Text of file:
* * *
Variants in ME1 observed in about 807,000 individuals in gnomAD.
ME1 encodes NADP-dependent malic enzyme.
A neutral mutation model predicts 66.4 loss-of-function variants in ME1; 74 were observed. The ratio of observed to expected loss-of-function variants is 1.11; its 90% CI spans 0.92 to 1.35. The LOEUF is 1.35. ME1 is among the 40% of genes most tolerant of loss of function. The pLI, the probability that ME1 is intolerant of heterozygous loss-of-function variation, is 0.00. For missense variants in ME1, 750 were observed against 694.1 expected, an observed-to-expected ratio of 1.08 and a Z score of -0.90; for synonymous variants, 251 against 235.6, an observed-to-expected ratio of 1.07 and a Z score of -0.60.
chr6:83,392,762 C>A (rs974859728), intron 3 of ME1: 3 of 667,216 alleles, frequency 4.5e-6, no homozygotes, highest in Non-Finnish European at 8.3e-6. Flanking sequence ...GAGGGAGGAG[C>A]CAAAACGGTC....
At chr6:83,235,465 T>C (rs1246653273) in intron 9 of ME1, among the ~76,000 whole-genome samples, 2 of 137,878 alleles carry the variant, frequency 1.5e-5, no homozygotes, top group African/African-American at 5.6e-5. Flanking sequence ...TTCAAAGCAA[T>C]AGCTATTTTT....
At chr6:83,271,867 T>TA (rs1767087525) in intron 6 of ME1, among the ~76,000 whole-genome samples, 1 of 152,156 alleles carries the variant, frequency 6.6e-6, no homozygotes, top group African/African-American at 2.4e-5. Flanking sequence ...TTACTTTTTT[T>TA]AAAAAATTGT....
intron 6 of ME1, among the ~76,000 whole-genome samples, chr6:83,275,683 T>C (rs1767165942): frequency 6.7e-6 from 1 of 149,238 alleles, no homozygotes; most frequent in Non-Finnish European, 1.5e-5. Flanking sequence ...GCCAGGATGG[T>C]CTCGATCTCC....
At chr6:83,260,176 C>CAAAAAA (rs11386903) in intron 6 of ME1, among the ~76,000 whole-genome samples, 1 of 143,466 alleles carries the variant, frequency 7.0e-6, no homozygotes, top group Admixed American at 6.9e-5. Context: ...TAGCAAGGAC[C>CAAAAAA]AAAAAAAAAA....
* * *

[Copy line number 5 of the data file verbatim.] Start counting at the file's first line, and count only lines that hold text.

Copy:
At chr6:83,235,465 T>C (rs1246653273) in intron 9 of ME1, among the ~76,000 whole-genome samples, 2 of 137,878 alleles carry the variant, frequency 1.5e-5, no homozygotes, top group African/African-American at 5.6e-5. Flanking sequence ...TTCAAAGCAA[T>C]AGCTATTTTT....